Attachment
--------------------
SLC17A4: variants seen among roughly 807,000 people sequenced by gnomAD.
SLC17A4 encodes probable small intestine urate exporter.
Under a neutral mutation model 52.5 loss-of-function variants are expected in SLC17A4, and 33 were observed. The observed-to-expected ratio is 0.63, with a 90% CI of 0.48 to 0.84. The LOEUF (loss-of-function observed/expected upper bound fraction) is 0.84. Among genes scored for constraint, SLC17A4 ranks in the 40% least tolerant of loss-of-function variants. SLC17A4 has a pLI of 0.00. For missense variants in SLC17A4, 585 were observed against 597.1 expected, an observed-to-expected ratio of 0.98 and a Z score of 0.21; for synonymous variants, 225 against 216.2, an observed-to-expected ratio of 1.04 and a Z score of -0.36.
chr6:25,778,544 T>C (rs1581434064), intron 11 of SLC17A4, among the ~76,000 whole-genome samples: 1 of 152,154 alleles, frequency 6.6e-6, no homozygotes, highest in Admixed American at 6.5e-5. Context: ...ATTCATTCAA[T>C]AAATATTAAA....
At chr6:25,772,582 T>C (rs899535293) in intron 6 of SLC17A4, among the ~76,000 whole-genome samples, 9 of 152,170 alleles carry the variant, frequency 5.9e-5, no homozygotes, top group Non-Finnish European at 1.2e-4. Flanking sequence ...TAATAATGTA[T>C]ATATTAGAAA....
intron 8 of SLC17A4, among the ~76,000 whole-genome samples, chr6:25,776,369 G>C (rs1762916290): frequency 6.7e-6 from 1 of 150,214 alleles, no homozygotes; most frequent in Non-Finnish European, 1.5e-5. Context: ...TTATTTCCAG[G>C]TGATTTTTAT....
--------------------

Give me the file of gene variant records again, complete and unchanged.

SLC17A4: variants seen among roughly 807,000 people sequenced by gnomAD.
SLC17A4 encodes probable small intestine urate exporter.
Under a neutral mutation model 52.5 loss-of-function variants are expected in SLC17A4, and 33 were observed. The observed-to-expected ratio is 0.63, with a 90% CI of 0.48 to 0.84. The LOEUF (loss-of-function observed/expected upper bound fraction) is 0.84. Among genes scored for constraint, SLC17A4 ranks in the 40% least tolerant of loss-of-function variants. SLC17A4 has a pLI of 0.00. For missense variants in SLC17A4, 585 were observed against 597.1 expected, an observed-to-expected ratio of 0.98 and a Z score of 0.21; for synonymous variants, 225 against 216.2, an observed-to-expected ratio of 1.04 and a Z score of -0.36.
chr6:25,778,544 T>C (rs1581434064), intron 11 of SLC17A4, among the ~76,000 whole-genome samples: 1 of 152,154 alleles, frequency 6.6e-6, no homozygotes, highest in Admixed American at 6.5e-5. Context: ...ATTCATTCAA[T>C]AAATATTAAA....
At chr6:25,772,582 T>C (rs899535293) in intron 6 of SLC17A4, among the ~76,000 whole-genome samples, 9 of 152,170 alleles carry the variant, frequency 5.9e-5, no homozygotes, top group Non-Finnish European at 1.2e-4. Flanking sequence ...TAATAATGTA[T>C]ATATTAGAAA....
intron 8 of SLC17A4, among the ~76,000 whole-genome samples, chr6:25,776,369 G>C (rs1762916290): frequency 6.7e-6 from 1 of 150,214 alleles, no homozygotes; most frequent in Non-Finnish European, 1.5e-5. Context: ...TTATTTCCAG[G>C]TGATTTTTAT....